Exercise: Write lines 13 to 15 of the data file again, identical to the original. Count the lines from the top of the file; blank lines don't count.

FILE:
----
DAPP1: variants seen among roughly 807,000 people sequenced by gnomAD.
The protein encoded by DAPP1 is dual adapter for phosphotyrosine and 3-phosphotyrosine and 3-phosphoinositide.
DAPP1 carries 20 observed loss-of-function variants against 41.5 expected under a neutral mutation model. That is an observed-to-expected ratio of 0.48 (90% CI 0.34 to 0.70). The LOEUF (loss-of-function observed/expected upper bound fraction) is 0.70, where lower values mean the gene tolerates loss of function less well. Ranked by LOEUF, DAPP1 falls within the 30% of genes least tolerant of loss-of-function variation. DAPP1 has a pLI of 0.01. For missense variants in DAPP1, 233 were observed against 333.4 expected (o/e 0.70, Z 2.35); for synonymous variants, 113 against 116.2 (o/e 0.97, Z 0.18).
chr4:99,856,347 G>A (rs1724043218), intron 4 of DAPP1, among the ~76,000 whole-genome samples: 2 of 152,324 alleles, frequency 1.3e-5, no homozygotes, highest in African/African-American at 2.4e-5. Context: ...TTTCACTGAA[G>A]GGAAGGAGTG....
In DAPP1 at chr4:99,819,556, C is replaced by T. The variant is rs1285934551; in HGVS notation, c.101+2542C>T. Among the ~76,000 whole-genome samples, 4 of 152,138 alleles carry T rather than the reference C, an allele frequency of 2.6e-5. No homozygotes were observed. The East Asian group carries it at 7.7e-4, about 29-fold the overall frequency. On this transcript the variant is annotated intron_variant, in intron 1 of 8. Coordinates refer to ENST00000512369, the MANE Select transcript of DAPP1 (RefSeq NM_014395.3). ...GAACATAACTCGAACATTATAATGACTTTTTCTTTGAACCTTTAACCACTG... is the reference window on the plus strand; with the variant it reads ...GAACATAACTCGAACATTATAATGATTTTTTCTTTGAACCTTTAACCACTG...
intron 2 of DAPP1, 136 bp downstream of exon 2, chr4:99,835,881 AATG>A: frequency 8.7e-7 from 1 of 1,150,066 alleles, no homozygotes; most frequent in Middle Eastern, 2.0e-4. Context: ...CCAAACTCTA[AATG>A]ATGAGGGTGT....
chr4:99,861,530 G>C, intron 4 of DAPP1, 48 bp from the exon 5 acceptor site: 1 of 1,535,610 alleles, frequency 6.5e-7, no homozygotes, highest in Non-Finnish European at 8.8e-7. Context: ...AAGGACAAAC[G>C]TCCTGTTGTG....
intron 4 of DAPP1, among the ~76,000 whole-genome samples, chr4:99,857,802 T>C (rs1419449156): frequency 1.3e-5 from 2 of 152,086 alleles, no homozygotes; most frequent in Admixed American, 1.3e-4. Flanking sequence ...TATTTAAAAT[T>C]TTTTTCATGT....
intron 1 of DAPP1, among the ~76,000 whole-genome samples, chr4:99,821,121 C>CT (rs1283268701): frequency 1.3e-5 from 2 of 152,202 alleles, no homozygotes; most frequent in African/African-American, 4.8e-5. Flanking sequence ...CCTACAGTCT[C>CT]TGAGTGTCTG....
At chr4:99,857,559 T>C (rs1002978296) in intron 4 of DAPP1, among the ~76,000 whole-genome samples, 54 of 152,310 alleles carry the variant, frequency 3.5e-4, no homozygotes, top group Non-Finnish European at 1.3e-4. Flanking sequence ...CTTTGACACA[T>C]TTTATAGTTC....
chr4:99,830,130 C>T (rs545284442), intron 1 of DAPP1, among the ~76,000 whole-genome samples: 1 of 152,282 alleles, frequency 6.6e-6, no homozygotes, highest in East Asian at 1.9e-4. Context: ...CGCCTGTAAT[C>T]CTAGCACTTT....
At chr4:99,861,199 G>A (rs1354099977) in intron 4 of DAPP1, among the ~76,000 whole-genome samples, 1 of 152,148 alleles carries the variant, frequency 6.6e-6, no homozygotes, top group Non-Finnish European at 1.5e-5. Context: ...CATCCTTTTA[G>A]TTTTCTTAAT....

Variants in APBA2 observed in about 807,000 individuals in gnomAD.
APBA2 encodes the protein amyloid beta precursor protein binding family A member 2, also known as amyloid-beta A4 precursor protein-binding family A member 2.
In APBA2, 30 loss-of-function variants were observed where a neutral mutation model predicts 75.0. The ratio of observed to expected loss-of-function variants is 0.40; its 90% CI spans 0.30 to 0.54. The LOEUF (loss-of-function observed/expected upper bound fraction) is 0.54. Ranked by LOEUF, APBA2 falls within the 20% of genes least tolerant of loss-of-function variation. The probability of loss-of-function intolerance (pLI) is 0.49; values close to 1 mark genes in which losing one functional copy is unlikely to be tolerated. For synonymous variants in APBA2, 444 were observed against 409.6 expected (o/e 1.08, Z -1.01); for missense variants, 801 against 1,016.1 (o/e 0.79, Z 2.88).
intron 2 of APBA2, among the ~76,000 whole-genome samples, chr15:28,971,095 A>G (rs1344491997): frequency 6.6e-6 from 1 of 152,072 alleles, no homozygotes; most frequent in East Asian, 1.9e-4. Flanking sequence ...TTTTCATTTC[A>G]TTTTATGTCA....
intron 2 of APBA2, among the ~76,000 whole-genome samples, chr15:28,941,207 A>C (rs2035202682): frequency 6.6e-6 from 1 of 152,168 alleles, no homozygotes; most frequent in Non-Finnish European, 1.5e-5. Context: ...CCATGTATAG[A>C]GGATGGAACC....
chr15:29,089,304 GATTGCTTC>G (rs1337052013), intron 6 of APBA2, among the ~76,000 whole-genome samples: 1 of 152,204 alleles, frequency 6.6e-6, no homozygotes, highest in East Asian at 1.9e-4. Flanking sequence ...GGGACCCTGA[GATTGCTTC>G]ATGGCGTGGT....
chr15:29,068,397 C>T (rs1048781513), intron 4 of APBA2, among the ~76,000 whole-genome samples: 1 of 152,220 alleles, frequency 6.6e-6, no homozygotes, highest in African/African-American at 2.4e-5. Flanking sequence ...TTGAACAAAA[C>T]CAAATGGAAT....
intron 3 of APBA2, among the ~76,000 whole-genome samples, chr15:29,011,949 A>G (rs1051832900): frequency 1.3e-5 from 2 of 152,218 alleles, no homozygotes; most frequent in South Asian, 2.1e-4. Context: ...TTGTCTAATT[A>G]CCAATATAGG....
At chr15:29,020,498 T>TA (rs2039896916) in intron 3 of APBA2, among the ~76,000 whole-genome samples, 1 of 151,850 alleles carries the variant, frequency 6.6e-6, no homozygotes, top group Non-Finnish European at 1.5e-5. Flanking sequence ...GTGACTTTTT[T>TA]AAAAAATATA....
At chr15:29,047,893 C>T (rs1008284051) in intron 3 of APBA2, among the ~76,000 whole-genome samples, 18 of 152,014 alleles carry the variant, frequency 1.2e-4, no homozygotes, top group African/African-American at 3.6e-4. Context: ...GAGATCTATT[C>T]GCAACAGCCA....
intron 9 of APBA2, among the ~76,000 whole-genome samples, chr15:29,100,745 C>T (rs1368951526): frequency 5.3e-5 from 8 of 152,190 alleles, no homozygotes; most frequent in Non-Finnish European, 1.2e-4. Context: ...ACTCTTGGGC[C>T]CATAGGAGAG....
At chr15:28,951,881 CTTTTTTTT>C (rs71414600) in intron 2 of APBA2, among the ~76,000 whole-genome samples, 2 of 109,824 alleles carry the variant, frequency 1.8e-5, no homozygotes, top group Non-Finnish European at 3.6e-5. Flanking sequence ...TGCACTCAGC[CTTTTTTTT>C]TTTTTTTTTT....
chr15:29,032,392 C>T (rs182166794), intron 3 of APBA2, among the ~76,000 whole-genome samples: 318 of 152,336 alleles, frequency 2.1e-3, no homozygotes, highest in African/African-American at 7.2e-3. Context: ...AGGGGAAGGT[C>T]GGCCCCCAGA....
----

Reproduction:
Variants in APBA2 observed in about 807,000 individuals in gnomAD.
APBA2 encodes the protein amyloid beta precursor protein binding family A member 2, also known as amyloid-beta A4 precursor protein-binding family A member 2.
In APBA2, 30 loss-of-function variants were observed where a neutral mutation model predicts 75.0. The ratio of observed to expected loss-of-function variants is 0.40; its 90% CI spans 0.30 to 0.54. The LOEUF (loss-of-function observed/expected upper bound fraction) is 0.54. Ranked by LOEUF, APBA2 falls within the 20% of genes least tolerant of loss-of-function variation. The probability of loss-of-function intolerance (pLI) is 0.49; values close to 1 mark genes in which losing one functional copy is unlikely to be tolerated. For synonymous variants in APBA2, 444 were observed against 409.6 expected (o/e 1.08, Z -1.01); for missense variants, 801 against 1,016.1 (o/e 0.79, Z 2.88).